An apparent skills shortage is driving Australian companies to hire skilled workers from other countries, and the Philippines is seen as a source country for needed workers. Filipino seeking overseas work will find Australia a good prospect, but they are warned to beware of illegal recruiters.
The Philippine Consulate General in Sydney received reports of individuals posing as recruiters victimizing Filipinos who wish to work in Australia, following news reports in the Philippines in January 2008 that Australia has 120,000 job openings available to foreigners, especially Filipinos.
Filipinos being recruited for Australia must be aware of the type of visa that their recruiter is applying for them. The type of visa commonly issued to Filipinos hired for work in Australia is the “457 Visa”.
Australian companies who wish to recruit skilled workers must be permitted to do so by the Australian Government. The Government issues to these companies a “Temporary Business Long Stay Visa”, which is also known as the “Standard Business Sponsorship Subclass 457 Visa” or the “457 Visa”, which is then provided to the foreigner workers they employ.
These authorized companies can either directly hire Filipino workers or employ a POEA-accredited manpower agency.
A Filipino who is recruited for Australian employment is matched to an Australian company that has been issued a 457 Visa. The Filipino worker receives the 457 Visa through the Australian Embassy in Manila.
The 457 Visa allows a foreigner temporary long stay for work purposes for a period of six months to four years. This visa does not give permanent residency or migration status.
The Philippine Consulate General in Sydney cautions potential workers for Australia against unlicensed manpower agencies or unauthorized Australian companies who illegally recruit Filipino workers. Illegally-hired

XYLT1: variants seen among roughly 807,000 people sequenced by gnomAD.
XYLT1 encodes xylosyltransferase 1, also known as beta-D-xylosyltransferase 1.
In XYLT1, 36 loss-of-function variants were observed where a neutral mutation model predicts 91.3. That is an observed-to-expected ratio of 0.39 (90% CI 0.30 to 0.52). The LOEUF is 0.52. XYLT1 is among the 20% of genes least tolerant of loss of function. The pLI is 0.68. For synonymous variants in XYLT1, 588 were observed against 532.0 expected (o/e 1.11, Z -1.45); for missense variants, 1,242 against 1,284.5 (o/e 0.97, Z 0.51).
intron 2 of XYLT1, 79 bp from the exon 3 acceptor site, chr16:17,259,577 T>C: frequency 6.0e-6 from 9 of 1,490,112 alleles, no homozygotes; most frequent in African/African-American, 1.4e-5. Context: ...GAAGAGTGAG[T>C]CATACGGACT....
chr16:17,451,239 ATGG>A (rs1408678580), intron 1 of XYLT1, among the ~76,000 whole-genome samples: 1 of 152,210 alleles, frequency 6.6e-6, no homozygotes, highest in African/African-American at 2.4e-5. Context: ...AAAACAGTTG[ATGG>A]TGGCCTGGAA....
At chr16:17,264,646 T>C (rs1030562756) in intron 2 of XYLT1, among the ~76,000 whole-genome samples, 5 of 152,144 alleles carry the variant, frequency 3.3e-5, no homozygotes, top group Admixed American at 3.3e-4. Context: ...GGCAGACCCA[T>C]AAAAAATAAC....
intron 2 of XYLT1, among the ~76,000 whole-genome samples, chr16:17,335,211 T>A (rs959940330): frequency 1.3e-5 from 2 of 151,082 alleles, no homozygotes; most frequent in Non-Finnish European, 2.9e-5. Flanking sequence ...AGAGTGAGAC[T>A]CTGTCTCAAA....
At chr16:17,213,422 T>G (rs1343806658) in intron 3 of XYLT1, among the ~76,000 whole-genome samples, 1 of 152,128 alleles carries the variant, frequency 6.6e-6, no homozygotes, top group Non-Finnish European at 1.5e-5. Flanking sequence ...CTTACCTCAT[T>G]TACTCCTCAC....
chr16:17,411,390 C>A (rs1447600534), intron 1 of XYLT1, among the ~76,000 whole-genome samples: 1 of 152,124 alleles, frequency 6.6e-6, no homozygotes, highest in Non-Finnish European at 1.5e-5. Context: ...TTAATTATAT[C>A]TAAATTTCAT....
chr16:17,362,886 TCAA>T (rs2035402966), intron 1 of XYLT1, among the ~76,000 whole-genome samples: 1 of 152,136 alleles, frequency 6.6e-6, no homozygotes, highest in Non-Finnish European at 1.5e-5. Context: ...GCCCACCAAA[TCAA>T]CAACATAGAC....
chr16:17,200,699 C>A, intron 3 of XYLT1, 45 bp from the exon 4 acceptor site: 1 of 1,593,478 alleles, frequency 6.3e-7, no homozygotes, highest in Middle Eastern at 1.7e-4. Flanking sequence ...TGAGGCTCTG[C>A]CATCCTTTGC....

foreign workers in Australia are exposed to abuses, hazards, and risks. If they are caught, they are deported and blacklisted from future re-entry into Australia.
The following are signs that a job applicant is being recruited illegally:
- If a recruiter offers long-term work but does not apply the candidate for a 457 Visa, then it may be an indication that the work is not legitimate or that the employment arrangements are not in order.
- If a recruiter offers long-term work but applies the applicant for a Short-Stay Business Visa (also called the “456 Visa”), then it may be an indication that the work is not legitimate or that the employment arrangements are not in order. A 456 visa allows entry for business meetings, or conference- or training-related visits and allows a stay of up to three months. Short-term work of up to 6 weeks is only permitted in strictly limited circumstances.
- If a recruiter offers long-term work but applies the job applicant only for tourist visa, then it is a definite indication that the work arrangement is not legitimate.
Illegal recruiters often apply a victim for a tourist or short stay business visa, and instruct the latter to change his visa status to a long stay or even a permanent residency in Australia. However, such status changes are not usually allowed.
- If a recruiter makes the applicant pay for Australian administrative fees and/or air travel to Australia, then the recruiter is violating Australian laws require a company to shoulder all costs of fees and the worker’s air travel to Australia. The worker must not pay for his air travel to Australia.
- Any Filipino, who was recruited to work in Australia under a 457 Business Visa program and was compelled to pay processing fees or air travel to Australia by their recruiter or employer, may lodge a complaint with the Department of Immigration and Citizenship (DIAC) through email address email@example.com.
Finally, Philippine Consul General Maria Theresa P. Lazaro emphasized that Australia does not allow the recruitment of domestic maids and farm workers from overseas. Any manpower agency that claims to be recruiting maids and farm workers for Australia is deceiving applicants.